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Abu Dhabi, UAEMonday 24 September 2018

 A stronger dollar and firmer oil prices threaten capital flows to emerging markets

After outperforming global equity markets for two years, emerging market equities have underperformed since the start of 2018

In Turkey, the lira had been getting close to a rate of 5 to the US dollar on May 23 before the central bank intervened and implemented an emergency 300bps hike to its late liquidity window. Chris McGrath/Getty Images
In Turkey, the lira had been getting close to a rate of 5 to the US dollar on May 23 before the central bank intervened and implemented an emergency 300bps hike to its late liquidity window. Chris McGrath/Getty Images

In many ways the story of the last month has been the weakness of emerging markets, with Turkey and Argentina being in the spotlight due to the idiosyncratic responses of their governments to pressures on currencies, but with a more general theme also playing out as higher US interest rates, a stronger dollar and firmer oil prices threaten capital flows to those countries with large deficits, high inflation and reliance on foreign funding.

After outperforming global equity markets for the last two years, emerging market equities have underperformed since the start of 2018. The MSCI EM index has dropped -1.9 per cent year-to-date (ytd) compared to a +0.4 per cent ytd gain in the MSCI World index, and since the start of second quarter of 2018, the MSCI EM index has dropped -2.9 per cent compared to a gain of +2.1 per cent in the MSCI World index.

A recent report by the ratings agency Fitch highlighted that EM debt securities have ballooned to $19.3 trillion from $5tn a decade ago, with China apparently accounting for more than half of this increase, but with the Ukraine, Turkey and Argentina being cited as “the most vulnerable”.

Approximately two-thirds of this EM debt is also dollar denominated making it particularly problematic at a time of dollar strength and rising US rates.

Argentina raised interest rates four times in less than a month to 40 per cent as the government tried to halt currency depreciation, contributing to a 56 basis point (bps) increase in 10-year Argentine government bond yields to 7.29 per cent.

In Turkey, the lira had been getting close to a rate of 5.00 to the US dollar on May 23 before the central bank intervened and implemented an emergency 300bps hike to its late liquidity window– its monetary policy tool of choice – taking it to 16.50 per cent.

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This followed remarks from President Recep Tayyip Erdogan that should he win the snap election he called in April next month, he would assume greater control over monetary policy. Having previously declared himself as an enemy of high rates, believing that they in fact fuel inflation, sentiment towards the Turkish lira recovered a little following the rate hike.

Some further more placatory statements from President Erdogan also helped, pledging that Turkey had the means to stabilise the currency in the short term. He also talked about how new measures to reduce inflation and narrow the current account deficit would be adopted after the June 24 elections, which he is likely to win. Much will now depend on what those new measures turn out to be.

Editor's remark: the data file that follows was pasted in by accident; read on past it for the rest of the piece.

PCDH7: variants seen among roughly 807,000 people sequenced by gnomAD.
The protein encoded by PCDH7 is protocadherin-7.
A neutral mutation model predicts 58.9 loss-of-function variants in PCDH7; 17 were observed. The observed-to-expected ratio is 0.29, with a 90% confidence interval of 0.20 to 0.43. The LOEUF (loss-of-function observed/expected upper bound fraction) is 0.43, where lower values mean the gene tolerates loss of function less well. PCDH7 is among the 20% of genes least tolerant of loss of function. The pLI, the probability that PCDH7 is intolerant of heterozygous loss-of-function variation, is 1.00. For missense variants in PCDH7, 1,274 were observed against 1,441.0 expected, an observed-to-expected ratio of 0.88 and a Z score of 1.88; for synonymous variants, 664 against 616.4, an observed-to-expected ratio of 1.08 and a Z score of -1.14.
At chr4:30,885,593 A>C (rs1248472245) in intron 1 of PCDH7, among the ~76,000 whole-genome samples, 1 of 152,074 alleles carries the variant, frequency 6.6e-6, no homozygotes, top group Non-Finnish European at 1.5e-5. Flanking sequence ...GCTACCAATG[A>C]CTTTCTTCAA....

Unnervingly, the market pressure is not only confined to emerging markets, as Italy and Spain are increasingly coming under scrutiny due to largely domestic political reasons, but also against a backdrop of weak macro fundamentals and historic structural problems. The new Italian coalition government is pushing for debt relief on its national debt which is 130 per cent of gross domestic product, while at the same time promising to increase fiscal spending that could see the country’s debt burden rise to closer to 160 per cent of GDP.

At the same time the formation of that government is also being threatened by its choices for key cabinet posts, with its nomination for finance minister an avowed Euro-sceptic.

Spain’s government is also facing a risk of collapse, with the main opposition party calling for a vote of no confidence in the minority rule of Mariano Rajoy, whose centre-right Popular party has been plagued by a campaign finance scandal. Spain’s fundamentals are firmer than Italy’s, however, with nominal GDP growth stronger and with its debt burden under greater control following cuts to it fiscal deficit in recent years.

None of Spain’s main political parties are Euro-sceptic either, but the situation does remind about how sensitive markets can be to political risks, particularly in countries with such uneven track records of economic management, and at a time when fragility in one of its key eurozone partners is also being exposed.

The euro fell to its lowest level against the dollar in six months last Friday, below 1.17, with demand for “core” government debt in the US, UK and Germany being preferred over peripheral debt.

However, with global events, over trade tariffs and geopolitical issues again starting to cast a shadow over some of these evolving regional and emerging market themes, it may not be long before they are amplified by risks of a much greater international nature and significance.

Tim Fox is chief economist and head of research at Emirates NBD

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